By Matt Murphy

State House News Service

BOSTON -- Hoping to meet in the next few weeks with other new mayors from around the country to discuss immigration, Boston Mayor-elect Marty Walsh on Tuesday said if he could "get around" enforcing the Secure Communities Act, he would.

Walsh attended the Massachusetts Immigrant and Refugee Advocacy Coalition's annual free Thanksgiving luncheon and spent some time serving mashed potatoes before dishing on how immigrants would have a "friend" in City Hall.

"People that get pulled over, I don't think that necessarily we have to bring in immigration for that," Walsh told reporters before the event.

Asked if he would "continue implementing" Secure Communities in Boston, Walsh said, "If we can get around it, we won't" implement it.

Secure Communities is a program that gathers data submitted by local and state law enforcement for the FBI to perform identity verification and immigration checks on arrestees. Though many immigrant activists argue that the program has eroded the relationship between police and immigrants who are afraid to report crimes, Immigration and Customs Enforcement, or ICE, says the program has effectively removed dangerous people from the country.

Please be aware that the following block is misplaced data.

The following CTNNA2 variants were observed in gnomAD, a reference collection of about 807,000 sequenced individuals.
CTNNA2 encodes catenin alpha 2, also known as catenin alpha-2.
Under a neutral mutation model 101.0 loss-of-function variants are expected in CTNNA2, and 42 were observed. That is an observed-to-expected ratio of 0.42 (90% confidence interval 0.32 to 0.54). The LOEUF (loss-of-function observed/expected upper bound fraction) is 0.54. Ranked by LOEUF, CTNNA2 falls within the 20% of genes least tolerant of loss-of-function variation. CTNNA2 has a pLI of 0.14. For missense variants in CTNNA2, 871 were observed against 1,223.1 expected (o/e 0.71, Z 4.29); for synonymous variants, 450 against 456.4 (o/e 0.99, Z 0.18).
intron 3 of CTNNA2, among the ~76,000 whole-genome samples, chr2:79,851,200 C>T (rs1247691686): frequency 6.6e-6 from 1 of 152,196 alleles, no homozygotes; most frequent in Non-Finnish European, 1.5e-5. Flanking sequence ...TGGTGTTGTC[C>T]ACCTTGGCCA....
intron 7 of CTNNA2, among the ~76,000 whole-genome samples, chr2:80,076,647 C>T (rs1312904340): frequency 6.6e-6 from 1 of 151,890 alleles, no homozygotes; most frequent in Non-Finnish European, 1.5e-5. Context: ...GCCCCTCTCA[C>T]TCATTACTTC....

The program was first presented to states as optional, and Boston was one of the cities that piloted it. Gov. Deval Patrick resisted implementation of Secure Communities in Massachusetts, but in May 2012, the federal government announced it would be mandatory in every state.

State Sen.


Jamie Eldridge, an Acton Democrat who represents Shirley, and Rep. Carl Sciortino, a Democrat from Medford, have filed legislation, known as the "Trust Act," that is designed to scale back Massachusetts law enforcement's participation in the Secure Communities program.

The bill would limit state enforcement of ICE detainers, provide attorney privileges to individuals before they are interviewed by ICE, and require reimbursement for the expense of participation.

"I'm looking at that. I haven't had a chance to see it yet. I know Mayor Menino was leaning that way, and it's something I'm going to make a decision on very soon," said Walsh, who later in the interview said he is "very strong in favor" of the Trust Act but deferred to Menino, who still occupies City Hall.